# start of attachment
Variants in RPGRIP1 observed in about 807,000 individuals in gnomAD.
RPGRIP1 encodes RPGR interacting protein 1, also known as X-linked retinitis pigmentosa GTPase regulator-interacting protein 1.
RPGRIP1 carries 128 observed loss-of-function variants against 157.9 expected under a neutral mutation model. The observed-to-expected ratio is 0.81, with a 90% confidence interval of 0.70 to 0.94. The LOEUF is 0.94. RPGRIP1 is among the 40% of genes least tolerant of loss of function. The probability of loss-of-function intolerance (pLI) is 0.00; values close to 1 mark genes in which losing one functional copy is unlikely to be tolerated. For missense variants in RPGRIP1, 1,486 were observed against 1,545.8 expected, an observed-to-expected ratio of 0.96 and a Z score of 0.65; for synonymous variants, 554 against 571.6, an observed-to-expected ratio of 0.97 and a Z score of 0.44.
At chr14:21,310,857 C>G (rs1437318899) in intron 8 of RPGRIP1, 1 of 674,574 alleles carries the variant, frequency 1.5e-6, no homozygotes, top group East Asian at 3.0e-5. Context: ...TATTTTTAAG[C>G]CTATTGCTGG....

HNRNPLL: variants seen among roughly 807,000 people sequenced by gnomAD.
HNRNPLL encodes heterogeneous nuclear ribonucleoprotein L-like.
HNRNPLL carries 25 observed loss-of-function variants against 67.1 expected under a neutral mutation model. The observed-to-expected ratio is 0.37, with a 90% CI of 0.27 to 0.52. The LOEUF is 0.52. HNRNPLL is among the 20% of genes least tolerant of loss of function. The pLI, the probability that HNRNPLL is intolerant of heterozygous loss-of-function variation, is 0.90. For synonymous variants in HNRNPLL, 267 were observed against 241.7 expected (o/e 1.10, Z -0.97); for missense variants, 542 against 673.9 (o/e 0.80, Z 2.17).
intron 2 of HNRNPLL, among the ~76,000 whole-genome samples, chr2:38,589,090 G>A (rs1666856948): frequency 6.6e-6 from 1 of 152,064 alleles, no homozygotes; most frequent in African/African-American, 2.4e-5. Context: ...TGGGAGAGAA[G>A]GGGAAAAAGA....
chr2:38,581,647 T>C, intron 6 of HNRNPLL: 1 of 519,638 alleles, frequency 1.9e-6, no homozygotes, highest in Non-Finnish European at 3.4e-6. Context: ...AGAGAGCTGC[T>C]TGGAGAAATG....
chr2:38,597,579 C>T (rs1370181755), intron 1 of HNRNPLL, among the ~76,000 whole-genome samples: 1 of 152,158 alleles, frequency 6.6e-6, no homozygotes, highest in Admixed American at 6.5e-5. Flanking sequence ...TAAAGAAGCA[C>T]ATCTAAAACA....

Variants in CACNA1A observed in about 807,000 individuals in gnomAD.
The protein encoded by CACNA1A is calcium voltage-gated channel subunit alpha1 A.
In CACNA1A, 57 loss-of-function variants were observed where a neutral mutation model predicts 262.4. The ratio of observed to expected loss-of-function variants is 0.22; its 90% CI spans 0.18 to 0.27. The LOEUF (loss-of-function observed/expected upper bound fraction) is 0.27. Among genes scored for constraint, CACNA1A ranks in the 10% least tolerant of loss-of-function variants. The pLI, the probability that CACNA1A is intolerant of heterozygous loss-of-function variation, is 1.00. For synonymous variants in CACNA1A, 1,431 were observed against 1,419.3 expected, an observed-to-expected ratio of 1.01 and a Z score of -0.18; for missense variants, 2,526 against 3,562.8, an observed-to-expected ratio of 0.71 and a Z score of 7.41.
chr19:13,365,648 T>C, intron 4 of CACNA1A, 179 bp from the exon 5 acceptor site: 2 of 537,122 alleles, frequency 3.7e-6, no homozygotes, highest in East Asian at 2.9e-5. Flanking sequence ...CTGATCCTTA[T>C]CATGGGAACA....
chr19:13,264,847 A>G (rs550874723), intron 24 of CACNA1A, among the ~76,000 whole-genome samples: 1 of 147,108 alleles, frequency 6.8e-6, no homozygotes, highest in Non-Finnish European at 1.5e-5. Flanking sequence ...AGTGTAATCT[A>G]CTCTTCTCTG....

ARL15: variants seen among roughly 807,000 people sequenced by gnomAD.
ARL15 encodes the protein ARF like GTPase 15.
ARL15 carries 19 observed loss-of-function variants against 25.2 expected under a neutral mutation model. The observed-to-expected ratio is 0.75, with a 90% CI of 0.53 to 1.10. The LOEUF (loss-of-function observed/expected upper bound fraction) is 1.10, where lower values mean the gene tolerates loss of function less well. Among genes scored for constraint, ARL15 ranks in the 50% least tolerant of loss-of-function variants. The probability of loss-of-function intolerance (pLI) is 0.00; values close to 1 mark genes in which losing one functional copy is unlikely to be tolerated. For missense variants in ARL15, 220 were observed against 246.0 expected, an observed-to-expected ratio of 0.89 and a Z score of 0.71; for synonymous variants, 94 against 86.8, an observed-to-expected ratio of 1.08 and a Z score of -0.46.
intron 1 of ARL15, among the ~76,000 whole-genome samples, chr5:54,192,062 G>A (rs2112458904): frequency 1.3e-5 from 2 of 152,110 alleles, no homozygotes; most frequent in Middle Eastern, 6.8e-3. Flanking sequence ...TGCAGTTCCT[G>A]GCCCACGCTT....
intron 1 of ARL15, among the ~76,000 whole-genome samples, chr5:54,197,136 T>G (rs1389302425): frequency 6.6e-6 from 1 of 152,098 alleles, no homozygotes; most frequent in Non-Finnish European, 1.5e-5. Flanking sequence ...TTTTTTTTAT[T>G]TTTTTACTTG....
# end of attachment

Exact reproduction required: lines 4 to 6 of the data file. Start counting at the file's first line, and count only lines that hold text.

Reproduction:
At chr14:21,310,857 C>G (rs1437318899) in intron 8 of RPGRIP1, 1 of 674,574 alleles carries the variant, frequency 1.5e-6, no homozygotes, top group East Asian at 3.0e-5. Context: ...TATTTTTAAG[C>G]CTATTGCTGG....

HNRNPLL: variants seen among roughly 807,000 people sequenced by gnomAD.
HNRNPLL encodes heterogeneous nuclear ribonucleoprotein L-like.